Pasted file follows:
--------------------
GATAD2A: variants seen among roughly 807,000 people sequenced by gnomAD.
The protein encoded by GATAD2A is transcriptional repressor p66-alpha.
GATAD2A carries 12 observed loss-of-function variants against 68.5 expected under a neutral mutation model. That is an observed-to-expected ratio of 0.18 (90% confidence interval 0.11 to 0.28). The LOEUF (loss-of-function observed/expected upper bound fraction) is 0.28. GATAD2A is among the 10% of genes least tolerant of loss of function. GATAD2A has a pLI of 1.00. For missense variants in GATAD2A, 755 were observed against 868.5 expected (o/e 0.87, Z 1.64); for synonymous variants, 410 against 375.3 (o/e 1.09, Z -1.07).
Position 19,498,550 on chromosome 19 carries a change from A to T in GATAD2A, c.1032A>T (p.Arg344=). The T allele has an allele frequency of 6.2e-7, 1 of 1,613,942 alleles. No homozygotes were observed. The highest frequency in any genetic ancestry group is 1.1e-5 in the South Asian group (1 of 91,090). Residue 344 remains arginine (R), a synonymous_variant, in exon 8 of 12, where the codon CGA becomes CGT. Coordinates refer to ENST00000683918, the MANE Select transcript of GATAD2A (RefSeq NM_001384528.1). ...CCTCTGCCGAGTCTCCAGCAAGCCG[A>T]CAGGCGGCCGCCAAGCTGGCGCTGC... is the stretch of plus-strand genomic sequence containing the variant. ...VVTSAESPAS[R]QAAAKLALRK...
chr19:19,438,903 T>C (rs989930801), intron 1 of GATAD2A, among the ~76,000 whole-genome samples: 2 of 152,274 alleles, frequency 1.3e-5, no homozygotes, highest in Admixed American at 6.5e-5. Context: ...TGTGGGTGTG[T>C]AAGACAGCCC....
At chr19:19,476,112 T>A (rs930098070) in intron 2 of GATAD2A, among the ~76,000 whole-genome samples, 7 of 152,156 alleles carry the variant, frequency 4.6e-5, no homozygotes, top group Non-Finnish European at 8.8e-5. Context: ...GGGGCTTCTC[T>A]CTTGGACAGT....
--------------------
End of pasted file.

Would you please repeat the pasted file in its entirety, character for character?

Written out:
GATAD2A: variants seen among roughly 807,000 people sequenced by gnomAD.
The protein encoded by GATAD2A is transcriptional repressor p66-alpha.
GATAD2A carries 12 observed loss-of-function variants against 68.5 expected under a neutral mutation model. That is an observed-to-expected ratio of 0.18 (90% confidence interval 0.11 to 0.28). The LOEUF (loss-of-function observed/expected upper bound fraction) is 0.28. GATAD2A is among the 10% of genes least tolerant of loss of function. GATAD2A has a pLI of 1.00. For missense variants in GATAD2A, 755 were observed against 868.5 expected (o/e 0.87, Z 1.64); for synonymous variants, 410 against 375.3 (o/e 1.09, Z -1.07).
Position 19,498,550 on chromosome 19 carries a change from A to T in GATAD2A, c.1032A>T (p.Arg344=). The T allele has an allele frequency of 6.2e-7, 1 of 1,613,942 alleles. No homozygotes were observed. The highest frequency in any genetic ancestry group is 1.1e-5 in the South Asian group (1 of 91,090). Residue 344 remains arginine (R), a synonymous_variant, in exon 8 of 12, where the codon CGA becomes CGT. Coordinates refer to ENST00000683918, the MANE Select transcript of GATAD2A (RefSeq NM_001384528.1). ...CCTCTGCCGAGTCTCCAGCAAGCCG[A>T]CAGGCGGCCGCCAAGCTGGCGCTGC... is the stretch of plus-strand genomic sequence containing the variant. ...VVTSAESPAS[R]QAAAKLALRK...
chr19:19,438,903 T>C (rs989930801), intron 1 of GATAD2A, among the ~76,000 whole-genome samples: 2 of 152,274 alleles, frequency 1.3e-5, no homozygotes, highest in Admixed American at 6.5e-5. Context: ...TGTGGGTGTG[T>C]AAGACAGCCC....
At chr19:19,476,112 T>A (rs930098070) in intron 2 of GATAD2A, among the ~76,000 whole-genome samples, 7 of 152,156 alleles carry the variant, frequency 4.6e-5, no homozygotes, top group Non-Finnish European at 8.8e-5. Context: ...GGGGCTTCTC[T>A]CTTGGACAGT....